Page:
Funding Woes Hit Howard Development Industry

August 29, 2009|By Larry Carson | Larry Carson,larry.carson@baltsun.com

Howard County's recession-battered development industry shut down Friday, potentially stranding more than 20 projects because the independent agency that reviews erosion and sediment plans ran out of money to pay two workers.

But later in the day, the Howard County Soil Conservation officials said they have a plan to avert a crisis and would have one plan reviewer working on Monday.

"It's going to come about," said Bill Barnes, a county farmer who is chairman of the district's governing board of supervisors. He refused to say, however, how the worker would be paid.

The two plan reviewers had been told not to return to work until the funding problem is solved. The County Council is to vote Sept. 8 on a proposed fee schedule for builders that will provide money to pay them.

A shutdown could push some projects closer to the financial brink as Howard, like every local government, struggles to manage revenue declines sparked by the slowdown.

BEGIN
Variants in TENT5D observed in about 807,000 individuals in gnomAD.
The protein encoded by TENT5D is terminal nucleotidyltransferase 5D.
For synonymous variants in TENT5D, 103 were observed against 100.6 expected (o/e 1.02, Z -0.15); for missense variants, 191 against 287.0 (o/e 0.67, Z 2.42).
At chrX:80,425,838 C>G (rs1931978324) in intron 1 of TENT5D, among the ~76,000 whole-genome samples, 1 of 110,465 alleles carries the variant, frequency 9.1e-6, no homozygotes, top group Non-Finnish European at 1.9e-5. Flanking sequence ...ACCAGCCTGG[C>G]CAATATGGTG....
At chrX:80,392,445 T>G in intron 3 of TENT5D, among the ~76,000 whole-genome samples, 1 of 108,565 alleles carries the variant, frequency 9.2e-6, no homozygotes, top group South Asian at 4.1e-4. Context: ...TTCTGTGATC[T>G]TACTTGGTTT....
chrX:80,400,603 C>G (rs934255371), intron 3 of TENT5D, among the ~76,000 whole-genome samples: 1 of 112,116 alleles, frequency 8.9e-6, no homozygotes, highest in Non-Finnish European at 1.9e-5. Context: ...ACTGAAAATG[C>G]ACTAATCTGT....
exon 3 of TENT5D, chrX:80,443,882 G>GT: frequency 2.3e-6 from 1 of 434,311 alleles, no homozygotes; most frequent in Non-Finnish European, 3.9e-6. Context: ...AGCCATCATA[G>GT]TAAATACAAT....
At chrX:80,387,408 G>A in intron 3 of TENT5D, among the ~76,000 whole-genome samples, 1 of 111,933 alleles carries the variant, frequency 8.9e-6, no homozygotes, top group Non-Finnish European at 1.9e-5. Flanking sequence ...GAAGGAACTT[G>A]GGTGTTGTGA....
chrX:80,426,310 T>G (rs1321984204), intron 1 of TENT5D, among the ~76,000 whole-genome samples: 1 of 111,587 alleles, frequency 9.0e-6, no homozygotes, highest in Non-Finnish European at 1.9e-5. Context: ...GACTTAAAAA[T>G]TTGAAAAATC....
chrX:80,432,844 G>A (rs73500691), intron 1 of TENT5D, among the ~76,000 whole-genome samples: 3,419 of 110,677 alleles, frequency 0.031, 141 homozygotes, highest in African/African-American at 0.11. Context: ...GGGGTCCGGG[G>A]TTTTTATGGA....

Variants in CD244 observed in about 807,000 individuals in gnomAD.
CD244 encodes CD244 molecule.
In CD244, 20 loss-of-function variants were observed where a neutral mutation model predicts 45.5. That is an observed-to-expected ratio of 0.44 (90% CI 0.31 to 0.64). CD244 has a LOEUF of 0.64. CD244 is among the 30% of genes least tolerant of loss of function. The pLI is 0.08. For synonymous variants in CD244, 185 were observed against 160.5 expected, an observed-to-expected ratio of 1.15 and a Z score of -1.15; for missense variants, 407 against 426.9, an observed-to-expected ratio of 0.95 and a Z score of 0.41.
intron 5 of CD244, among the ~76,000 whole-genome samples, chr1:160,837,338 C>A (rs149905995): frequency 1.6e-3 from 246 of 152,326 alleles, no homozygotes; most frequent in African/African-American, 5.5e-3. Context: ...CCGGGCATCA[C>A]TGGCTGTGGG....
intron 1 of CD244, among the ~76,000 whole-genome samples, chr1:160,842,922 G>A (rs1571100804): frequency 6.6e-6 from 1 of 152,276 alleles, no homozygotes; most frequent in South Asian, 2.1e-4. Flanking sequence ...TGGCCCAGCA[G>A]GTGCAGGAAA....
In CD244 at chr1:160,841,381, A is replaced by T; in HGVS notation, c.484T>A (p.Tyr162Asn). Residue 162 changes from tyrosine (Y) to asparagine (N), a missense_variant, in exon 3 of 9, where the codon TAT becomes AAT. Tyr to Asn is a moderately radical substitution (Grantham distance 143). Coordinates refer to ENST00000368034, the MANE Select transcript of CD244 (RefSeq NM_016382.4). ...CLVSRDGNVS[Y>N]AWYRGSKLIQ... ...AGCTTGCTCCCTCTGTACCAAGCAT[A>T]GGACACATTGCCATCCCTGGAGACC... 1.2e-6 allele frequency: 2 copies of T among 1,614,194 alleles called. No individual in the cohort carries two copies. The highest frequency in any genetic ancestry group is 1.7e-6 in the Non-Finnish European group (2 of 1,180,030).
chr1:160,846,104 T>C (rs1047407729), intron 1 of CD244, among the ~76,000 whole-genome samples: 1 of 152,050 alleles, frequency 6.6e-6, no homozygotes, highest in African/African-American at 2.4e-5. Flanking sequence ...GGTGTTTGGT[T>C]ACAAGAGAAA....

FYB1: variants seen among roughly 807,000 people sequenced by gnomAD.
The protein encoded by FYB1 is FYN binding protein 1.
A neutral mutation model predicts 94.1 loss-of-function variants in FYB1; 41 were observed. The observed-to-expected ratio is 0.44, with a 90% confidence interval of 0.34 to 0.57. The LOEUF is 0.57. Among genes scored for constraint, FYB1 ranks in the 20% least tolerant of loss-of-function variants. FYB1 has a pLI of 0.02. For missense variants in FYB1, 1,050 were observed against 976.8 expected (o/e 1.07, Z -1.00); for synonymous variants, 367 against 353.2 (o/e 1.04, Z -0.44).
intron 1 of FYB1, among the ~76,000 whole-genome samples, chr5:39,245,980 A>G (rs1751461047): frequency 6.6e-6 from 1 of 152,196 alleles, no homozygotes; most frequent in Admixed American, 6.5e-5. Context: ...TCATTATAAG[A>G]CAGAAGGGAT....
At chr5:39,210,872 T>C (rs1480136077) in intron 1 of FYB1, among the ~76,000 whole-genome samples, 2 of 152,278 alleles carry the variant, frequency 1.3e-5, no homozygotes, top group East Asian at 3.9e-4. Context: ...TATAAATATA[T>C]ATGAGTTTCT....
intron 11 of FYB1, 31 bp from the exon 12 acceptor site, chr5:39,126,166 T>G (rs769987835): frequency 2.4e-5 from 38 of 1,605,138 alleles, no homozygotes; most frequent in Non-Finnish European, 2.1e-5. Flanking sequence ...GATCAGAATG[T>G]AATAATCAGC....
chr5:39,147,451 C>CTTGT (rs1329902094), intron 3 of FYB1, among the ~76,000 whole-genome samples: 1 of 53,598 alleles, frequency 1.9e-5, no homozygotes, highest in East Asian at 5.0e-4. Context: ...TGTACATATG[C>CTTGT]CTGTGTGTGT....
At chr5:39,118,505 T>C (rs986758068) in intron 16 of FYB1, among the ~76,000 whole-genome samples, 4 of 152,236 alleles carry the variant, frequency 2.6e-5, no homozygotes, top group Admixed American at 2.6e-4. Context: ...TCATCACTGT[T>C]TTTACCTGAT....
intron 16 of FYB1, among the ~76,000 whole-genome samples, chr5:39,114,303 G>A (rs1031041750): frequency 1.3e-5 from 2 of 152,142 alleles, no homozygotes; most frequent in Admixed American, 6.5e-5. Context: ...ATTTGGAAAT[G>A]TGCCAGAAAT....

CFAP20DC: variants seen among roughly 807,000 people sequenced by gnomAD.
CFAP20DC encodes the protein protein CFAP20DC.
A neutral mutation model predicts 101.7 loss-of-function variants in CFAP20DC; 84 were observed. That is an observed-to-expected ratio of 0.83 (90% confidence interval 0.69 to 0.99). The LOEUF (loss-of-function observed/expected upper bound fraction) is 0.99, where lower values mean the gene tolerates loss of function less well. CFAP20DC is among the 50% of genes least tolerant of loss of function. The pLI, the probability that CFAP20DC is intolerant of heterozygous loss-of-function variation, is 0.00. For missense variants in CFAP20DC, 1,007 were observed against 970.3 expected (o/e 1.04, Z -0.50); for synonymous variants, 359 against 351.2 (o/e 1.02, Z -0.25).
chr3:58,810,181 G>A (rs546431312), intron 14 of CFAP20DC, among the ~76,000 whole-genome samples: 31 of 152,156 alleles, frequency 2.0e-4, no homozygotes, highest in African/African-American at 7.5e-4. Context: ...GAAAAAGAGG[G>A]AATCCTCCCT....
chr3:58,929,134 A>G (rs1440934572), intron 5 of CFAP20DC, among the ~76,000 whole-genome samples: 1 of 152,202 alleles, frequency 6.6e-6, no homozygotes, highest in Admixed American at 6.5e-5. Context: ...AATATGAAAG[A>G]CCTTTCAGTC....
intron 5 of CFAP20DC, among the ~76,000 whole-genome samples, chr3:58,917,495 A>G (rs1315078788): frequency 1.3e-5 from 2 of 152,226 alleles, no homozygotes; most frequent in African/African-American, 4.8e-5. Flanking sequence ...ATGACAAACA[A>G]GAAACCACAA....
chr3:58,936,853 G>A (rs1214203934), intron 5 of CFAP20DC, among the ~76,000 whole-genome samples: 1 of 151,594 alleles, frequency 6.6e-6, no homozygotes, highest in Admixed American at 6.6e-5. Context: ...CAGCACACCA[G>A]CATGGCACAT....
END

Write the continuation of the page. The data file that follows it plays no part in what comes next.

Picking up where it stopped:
Builders are caught between the county government and the soil conservation district. They don't want to pay new fees, but they're more unhappy about work on their plans stopping.

"It's unbelievable," said developer Joseph Rutter, who added that he has several projects awaiting review by the soil conservation district and has never seen a shutdown in his more than three decades' experience.

"Depending on how long they're going to play this game, it could have a major impact," he said.

County Executive Ken Ulman cut funding for the two soil district jobs as an economy move, expecting county planners and engineers to take over the work. But soil district leaders who run the independent state agency rejected that, claiming it would compromise the reviews' integrity.

District manager Robert R. Ensor said he would begin charging builders fees to pay his employees, but he ran out of money before the council could approve them. He shocked county officials Thursday with a short letter informing them the shutdown would begin Friday.

Ulman responded immediately, offering to lend Ensor a qualified county engineer to do their work at no cost, but late Friday county officials said Ensor had rejected the offer.

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